This Panel addresses the persistence of reserves in contemporary SA by exploring the roles of traditional authorities and the migrant labour system in the urban-rural nexus. Its cases include:the Marikana massacre, the recent attempt to impose chiefs in Cala and the conflict over mining in Pondoland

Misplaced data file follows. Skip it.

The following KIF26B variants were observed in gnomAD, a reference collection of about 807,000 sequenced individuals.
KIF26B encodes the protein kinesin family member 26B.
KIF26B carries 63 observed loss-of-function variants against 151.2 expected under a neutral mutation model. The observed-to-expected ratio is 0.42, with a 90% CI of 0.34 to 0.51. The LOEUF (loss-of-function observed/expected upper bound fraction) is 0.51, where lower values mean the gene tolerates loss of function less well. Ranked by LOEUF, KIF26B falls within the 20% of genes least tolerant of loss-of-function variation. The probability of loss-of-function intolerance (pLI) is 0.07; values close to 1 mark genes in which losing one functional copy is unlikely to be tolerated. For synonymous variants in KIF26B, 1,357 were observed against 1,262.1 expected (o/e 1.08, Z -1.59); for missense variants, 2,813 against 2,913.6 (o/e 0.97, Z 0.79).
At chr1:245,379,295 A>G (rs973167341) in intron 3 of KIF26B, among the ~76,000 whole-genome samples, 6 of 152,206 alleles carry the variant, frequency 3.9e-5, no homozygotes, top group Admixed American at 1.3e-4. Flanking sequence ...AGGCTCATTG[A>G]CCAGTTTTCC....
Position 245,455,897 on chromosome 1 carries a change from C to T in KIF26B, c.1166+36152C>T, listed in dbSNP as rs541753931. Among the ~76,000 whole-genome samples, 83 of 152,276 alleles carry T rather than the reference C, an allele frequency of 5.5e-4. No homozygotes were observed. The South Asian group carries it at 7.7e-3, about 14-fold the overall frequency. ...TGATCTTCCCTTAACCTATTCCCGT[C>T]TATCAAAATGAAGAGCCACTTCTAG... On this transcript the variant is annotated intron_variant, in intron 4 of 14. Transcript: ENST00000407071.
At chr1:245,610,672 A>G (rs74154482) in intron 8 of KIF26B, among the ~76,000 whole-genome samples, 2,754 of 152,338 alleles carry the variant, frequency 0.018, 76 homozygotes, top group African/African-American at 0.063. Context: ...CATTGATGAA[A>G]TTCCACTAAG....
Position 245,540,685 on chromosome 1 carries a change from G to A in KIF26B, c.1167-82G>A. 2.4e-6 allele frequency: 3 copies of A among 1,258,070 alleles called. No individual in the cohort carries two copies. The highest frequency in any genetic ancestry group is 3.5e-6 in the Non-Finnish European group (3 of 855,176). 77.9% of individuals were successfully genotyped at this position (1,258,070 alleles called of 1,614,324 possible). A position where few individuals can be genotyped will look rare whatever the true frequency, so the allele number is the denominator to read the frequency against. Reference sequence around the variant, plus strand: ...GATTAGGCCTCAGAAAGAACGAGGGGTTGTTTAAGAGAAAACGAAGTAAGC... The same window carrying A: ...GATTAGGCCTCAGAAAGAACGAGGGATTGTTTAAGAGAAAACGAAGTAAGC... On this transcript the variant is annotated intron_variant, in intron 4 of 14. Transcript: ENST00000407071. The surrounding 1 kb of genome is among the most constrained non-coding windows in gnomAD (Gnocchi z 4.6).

This panel problematizes the connection between land, labour, gender and traditional authorities by highlighting the enduring rural and urban dualities in the lives of South Africans. Labour in the South differs fundamentally with the North in one crucial aspect - many workers retain access to land. While this access is clearly shrinking, even the semblance of access, as in South African reserves, profoundly shapes the nature of citizenship, gender relations, the process of proletarianisation and the prospects for livelihoods revealing the interconnectedness between land and labour. The distorted version of the communal land tenure system in the reserves buttressed by a corrupted chieftaincy were two of the critical pillars of apartheid. Not only do they remain intact in democratic South Africa, they have been reinforced and shored up to create a situation of extreme vulnerability, persistent unevenness and deepening inequality. While contemporary South Africa has a new geographic dispensation in the form of nine provinces, the reserves have not been dismantled. Instead, they remain differentiated from the rest of the country by a distinctive forms of land tenure and local government. In order to understand why migrant labour has persisted in democratic South Africa, it is crucial to appreciate the enduring role of reserves in the political economy of the country as they are deeply implicated in inhibiting the democratic rights of reserve residents by their subjection to traditional authorities while they continue to contribute to cheapening labour power and undermining the rights of women.